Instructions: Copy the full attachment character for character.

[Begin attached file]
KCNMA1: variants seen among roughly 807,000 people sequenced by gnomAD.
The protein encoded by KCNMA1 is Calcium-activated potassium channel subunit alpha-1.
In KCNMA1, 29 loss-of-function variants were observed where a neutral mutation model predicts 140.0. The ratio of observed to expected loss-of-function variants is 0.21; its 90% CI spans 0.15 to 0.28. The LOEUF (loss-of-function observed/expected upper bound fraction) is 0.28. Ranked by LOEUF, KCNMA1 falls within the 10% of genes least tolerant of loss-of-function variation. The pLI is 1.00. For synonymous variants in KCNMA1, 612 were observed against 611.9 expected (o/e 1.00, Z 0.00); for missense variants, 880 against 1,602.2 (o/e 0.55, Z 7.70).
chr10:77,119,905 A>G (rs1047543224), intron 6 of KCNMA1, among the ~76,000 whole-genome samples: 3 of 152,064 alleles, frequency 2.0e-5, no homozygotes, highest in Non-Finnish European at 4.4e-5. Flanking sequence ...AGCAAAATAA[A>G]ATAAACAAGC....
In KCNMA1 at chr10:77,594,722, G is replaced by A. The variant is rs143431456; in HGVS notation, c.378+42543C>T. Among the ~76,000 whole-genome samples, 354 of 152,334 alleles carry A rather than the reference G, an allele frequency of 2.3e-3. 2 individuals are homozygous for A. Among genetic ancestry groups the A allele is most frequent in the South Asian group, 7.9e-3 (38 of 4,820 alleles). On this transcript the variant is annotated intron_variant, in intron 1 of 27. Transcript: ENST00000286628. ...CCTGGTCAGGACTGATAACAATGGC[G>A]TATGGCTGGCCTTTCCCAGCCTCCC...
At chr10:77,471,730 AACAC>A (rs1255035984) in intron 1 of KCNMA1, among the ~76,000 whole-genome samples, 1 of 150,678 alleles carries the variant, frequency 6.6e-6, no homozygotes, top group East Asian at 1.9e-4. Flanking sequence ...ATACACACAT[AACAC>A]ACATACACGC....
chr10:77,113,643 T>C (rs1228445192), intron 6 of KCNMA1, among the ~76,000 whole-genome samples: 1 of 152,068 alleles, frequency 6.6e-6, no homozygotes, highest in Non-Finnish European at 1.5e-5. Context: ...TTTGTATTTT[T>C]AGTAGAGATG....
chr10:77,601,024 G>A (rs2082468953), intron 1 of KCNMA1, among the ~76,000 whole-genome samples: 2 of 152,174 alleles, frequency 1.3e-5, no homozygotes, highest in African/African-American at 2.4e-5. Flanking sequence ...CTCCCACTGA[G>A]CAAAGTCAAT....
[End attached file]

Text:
KCNMA1: variants seen among roughly 807,000 people sequenced by gnomAD.
The protein encoded by KCNMA1 is Calcium-activated potassium channel subunit alpha-1.
In KCNMA1, 29 loss-of-function variants were observed where a neutral mutation model predicts 140.0. The ratio of observed to expected loss-of-function variants is 0.21; its 90% CI spans 0.15 to 0.28. The LOEUF (loss-of-function observed/expected upper bound fraction) is 0.28. Ranked by LOEUF, KCNMA1 falls within the 10% of genes least tolerant of loss-of-function variation. The pLI is 1.00. For synonymous variants in KCNMA1, 612 were observed against 611.9 expected (o/e 1.00, Z 0.00); for missense variants, 880 against 1,602.2 (o/e 0.55, Z 7.70).
chr10:77,119,905 A>G (rs1047543224), intron 6 of KCNMA1, among the ~76,000 whole-genome samples: 3 of 152,064 alleles, frequency 2.0e-5, no homozygotes, highest in Non-Finnish European at 4.4e-5. Flanking sequence ...AGCAAAATAA[A>G]ATAAACAAGC....
In KCNMA1 at chr10:77,594,722, G is replaced by A. The variant is rs143431456; in HGVS notation, c.378+42543C>T. Among the ~76,000 whole-genome samples, 354 of 152,334 alleles carry A rather than the reference G, an allele frequency of 2.3e-3. 2 individuals are homozygous for A. Among genetic ancestry groups the A allele is most frequent in the South Asian group, 7.9e-3 (38 of 4,820 alleles). On this transcript the variant is annotated intron_variant, in intron 1 of 27. Transcript: ENST00000286628. ...CCTGGTCAGGACTGATAACAATGGC[G>A]TATGGCTGGCCTTTCCCAGCCTCCC...
At chr10:77,471,730 AACAC>A (rs1255035984) in intron 1 of KCNMA1, among the ~76,000 whole-genome samples, 1 of 150,678 alleles carries the variant, frequency 6.6e-6, no homozygotes, top group East Asian at 1.9e-4. Flanking sequence ...ATACACACAT[AACAC>A]ACATACACGC....
chr10:77,113,643 T>C (rs1228445192), intron 6 of KCNMA1, among the ~76,000 whole-genome samples: 1 of 152,068 alleles, frequency 6.6e-6, no homozygotes, highest in Non-Finnish European at 1.5e-5. Context: ...TTTGTATTTT[T>C]AGTAGAGATG....
chr10:77,601,024 G>A (rs2082468953), intron 1 of KCNMA1, among the ~76,000 whole-genome samples: 2 of 152,174 alleles, frequency 1.3e-5, no homozygotes, highest in African/African-American at 2.4e-5. Flanking sequence ...CTCCCACTGA[G>A]CAAAGTCAAT....